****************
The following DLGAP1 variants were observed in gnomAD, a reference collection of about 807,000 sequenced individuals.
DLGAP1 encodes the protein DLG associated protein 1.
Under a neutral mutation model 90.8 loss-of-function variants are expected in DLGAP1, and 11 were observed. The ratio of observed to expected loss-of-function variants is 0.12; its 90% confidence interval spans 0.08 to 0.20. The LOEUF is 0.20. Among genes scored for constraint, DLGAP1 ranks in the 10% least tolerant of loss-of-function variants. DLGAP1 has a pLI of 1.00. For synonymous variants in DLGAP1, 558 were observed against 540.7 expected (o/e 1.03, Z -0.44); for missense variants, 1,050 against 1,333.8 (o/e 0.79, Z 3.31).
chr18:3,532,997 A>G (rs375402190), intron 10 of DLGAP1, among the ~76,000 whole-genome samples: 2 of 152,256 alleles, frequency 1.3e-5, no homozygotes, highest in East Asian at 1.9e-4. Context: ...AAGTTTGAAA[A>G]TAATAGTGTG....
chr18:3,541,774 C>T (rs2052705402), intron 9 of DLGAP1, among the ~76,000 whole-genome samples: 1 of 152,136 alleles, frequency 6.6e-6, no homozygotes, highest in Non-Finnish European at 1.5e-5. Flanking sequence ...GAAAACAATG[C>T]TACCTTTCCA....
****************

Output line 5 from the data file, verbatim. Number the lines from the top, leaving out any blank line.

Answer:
chr18:3,541,774 C>T (rs2052705402), intron 9 of DLGAP1, among the ~76,000 whole-genome samples: 1 of 152,136 alleles, frequency 6.6e-6, no homozygotes, highest in Non-Finnish European at 1.5e-5. Flanking sequence ...GAAAACAATG[C>T]TACCTTTCCA....